By MIN LWIN
A gas pipeline in southern Burma is the scene of widespread rights violations, including forced labor and land confiscation, according to a new report released by the Human Rights Foundation of Monland (HURFOM).
The 104-page report, titled “Laid Waste: Human Rights along the Kanbauk to Myaing Kalay gas pipeline,” accuses Burma’s military government of committing “systemic, shocking and ongoing” abuses along the 186-mile (300 km) pipeline.
“The Burmese government’s Myanmar Oil and Gas Enterprise [MOGE] operates the Kanbauk to Myaing Kalay gas pipeline project, so the government bears responsibility for these human rights violations,” said Aue Mon from HURFOM, speaking to The Irrawaddy on Thursday.
The report details widespread human rights violations ranging from the daily commandeering of motorcycles and chickens to rape and summary executions. It also says that more than 15,000 acres of land have been confiscated to make room for the pipeline and to support 30 army battalions tasked with protecting it since construction began in 2000.
“They have already confiscated many acres of land. My land and plantations cost about 4 million kyat [US $4,000],” said one villager quoted in the report. “They took it without paying me one kyat.”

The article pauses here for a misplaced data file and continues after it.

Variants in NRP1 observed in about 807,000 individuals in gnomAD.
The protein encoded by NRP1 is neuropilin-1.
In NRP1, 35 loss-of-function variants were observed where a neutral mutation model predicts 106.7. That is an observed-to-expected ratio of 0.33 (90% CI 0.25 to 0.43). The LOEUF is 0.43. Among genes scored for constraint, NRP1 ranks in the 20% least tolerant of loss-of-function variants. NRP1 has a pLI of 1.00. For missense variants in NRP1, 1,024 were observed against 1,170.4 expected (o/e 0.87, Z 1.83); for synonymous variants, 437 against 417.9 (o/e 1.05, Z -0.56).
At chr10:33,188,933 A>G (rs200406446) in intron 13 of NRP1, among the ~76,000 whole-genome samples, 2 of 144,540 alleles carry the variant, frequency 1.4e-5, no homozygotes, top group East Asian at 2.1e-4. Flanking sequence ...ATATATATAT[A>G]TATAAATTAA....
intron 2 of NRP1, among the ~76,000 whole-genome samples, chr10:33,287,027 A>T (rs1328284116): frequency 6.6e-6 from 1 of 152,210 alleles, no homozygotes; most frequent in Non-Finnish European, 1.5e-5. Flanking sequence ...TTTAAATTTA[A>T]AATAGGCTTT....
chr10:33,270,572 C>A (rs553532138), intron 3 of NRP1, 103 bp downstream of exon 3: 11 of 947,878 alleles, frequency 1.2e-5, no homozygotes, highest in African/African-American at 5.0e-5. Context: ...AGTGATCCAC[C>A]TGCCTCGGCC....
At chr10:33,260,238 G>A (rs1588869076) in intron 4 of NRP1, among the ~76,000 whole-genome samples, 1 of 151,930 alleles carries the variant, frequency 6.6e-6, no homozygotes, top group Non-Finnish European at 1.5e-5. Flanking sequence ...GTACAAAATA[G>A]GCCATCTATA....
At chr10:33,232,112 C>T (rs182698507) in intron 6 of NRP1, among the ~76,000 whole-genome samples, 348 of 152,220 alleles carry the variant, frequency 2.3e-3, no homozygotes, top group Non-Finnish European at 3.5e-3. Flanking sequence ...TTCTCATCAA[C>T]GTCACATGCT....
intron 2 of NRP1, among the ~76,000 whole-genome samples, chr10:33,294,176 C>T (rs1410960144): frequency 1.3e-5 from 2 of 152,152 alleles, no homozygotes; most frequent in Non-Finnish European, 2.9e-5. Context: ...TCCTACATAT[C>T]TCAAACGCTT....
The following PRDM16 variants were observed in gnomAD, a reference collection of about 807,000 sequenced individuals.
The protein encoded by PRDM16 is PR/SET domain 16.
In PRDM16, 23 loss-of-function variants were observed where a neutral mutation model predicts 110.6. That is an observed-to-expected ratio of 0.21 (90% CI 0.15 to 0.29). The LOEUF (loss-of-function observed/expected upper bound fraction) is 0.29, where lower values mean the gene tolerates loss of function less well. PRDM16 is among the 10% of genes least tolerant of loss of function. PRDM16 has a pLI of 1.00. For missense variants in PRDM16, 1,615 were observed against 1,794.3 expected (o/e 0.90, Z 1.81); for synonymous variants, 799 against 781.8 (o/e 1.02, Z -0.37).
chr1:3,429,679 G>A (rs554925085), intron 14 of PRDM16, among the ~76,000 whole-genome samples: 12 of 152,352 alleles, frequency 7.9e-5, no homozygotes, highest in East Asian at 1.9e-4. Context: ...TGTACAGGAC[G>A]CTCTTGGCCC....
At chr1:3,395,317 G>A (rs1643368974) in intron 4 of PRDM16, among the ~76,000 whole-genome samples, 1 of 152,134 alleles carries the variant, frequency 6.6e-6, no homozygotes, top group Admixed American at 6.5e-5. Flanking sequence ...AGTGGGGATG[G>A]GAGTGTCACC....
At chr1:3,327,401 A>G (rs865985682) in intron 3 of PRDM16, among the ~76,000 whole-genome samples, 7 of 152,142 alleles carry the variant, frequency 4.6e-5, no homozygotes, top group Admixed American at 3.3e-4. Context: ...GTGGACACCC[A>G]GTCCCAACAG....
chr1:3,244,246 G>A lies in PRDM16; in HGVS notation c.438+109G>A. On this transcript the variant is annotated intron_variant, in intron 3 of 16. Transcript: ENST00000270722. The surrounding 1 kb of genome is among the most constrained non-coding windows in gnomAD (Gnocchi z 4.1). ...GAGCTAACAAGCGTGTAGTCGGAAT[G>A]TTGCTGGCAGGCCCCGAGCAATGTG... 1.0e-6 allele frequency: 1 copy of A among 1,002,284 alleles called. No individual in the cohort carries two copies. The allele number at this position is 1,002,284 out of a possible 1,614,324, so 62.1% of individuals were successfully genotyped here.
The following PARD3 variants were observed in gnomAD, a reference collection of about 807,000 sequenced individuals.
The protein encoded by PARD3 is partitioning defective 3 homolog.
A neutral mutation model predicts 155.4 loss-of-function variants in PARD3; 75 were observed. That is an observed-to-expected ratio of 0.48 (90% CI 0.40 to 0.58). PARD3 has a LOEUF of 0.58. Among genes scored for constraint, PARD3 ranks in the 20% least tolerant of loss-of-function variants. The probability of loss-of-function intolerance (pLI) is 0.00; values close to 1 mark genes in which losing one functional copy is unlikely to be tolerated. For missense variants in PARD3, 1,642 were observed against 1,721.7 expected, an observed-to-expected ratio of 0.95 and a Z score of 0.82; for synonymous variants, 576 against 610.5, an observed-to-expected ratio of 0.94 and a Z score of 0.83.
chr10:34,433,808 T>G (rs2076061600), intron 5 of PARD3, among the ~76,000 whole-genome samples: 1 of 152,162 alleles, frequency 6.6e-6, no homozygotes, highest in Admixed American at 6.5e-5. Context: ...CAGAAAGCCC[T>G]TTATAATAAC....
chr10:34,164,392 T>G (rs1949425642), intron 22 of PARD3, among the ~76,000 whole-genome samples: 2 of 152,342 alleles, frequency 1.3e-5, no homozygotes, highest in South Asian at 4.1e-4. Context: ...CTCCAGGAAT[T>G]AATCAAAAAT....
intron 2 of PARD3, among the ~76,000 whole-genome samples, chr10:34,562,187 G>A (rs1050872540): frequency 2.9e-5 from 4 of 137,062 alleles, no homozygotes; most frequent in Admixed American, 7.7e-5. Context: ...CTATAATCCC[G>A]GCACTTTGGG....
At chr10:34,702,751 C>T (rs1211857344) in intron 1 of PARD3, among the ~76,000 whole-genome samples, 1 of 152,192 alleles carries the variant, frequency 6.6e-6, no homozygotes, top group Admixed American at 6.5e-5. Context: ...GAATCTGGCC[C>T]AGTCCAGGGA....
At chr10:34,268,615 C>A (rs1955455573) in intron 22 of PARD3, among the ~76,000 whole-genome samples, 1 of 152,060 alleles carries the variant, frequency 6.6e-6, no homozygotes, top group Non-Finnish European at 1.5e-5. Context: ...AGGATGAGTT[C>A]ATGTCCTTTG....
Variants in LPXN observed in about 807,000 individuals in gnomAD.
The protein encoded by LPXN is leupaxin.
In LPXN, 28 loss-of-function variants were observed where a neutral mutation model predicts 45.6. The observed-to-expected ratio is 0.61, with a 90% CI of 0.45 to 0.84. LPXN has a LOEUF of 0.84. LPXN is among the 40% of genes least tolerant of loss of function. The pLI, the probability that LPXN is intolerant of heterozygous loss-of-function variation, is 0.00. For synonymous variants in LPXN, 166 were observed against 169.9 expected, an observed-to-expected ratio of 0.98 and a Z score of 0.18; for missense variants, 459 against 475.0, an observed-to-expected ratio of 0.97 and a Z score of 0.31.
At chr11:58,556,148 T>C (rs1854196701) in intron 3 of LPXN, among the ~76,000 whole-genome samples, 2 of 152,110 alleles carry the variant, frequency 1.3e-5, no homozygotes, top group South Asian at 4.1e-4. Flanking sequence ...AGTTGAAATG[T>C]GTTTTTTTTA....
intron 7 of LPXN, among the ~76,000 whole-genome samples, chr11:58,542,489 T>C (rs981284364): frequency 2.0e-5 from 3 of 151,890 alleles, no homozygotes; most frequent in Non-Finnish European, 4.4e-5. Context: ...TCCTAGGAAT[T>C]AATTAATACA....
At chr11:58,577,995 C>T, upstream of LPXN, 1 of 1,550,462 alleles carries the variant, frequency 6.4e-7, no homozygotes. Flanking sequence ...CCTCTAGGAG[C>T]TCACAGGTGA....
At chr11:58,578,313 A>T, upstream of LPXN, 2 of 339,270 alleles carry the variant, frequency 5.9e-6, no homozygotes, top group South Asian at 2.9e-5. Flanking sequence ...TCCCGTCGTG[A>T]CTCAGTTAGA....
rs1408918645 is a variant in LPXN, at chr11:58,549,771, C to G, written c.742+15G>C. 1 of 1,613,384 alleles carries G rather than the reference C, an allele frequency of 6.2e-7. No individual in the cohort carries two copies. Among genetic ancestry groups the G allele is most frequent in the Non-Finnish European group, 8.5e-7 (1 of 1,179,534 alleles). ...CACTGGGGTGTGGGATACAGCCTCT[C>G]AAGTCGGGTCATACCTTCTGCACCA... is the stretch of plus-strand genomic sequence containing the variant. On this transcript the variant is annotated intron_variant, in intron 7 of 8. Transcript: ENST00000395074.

The report also details the rampant use of forced labor in the area along the pipeline. It says that local people, including children as young as 12, are routinely forced to do maintenance work on the pipeline, and to guard it and carry equipment for soldiers, at all times under threat of violent retribution for accidents or insurgent attacks.
“In one month, I was forced three to four times to be a porter… It was difficult, and we were beaten all the time,” said Nai Lot, 65, from the village of Mihtawhlagyi in Ye Township.
The abuses are “the predictable result of deploying large numbers of soldiers and encouraging them to extract what they can from the countryside, without oversight,” according the report.
“But abuses along the pipeline are also a deliberate, calculated part of the pipeline security effort,” it adds.
“There should be no question: projects like the Kanbauk to Myaing Kalay gas pipeline do not benefit the people of our country,” said Kasauh Mon, the director of HURFOM.
The Kanbauk-Myaing Kalay pipeline begins at the Total Pipeline Center near the town of Kanbauk in Yebyu Township, Tenasserim Division, and passes through five townships in Mon State and Tenasserim Division, ending in Myaing Kalay in Karen State, where the gas is used in government cement factories.
Burma’s pipelines have long been controversial, with rights groups claiming that they are built on land taken from local people, often using their unpaid labor. They also attract a heavy military presence, resulting in further abuses, rights groups say.
The British company Premier Oil, which signed a contract with MOGE in 1990 to extract gas from the Yetagun gas fields in the Andaman Sea, and the French oil giant Total, which signed an agreement to harvest gas from the Yadana gas fields in 1992, have both accused of complicity in the Burmese regime’s routine rights violations.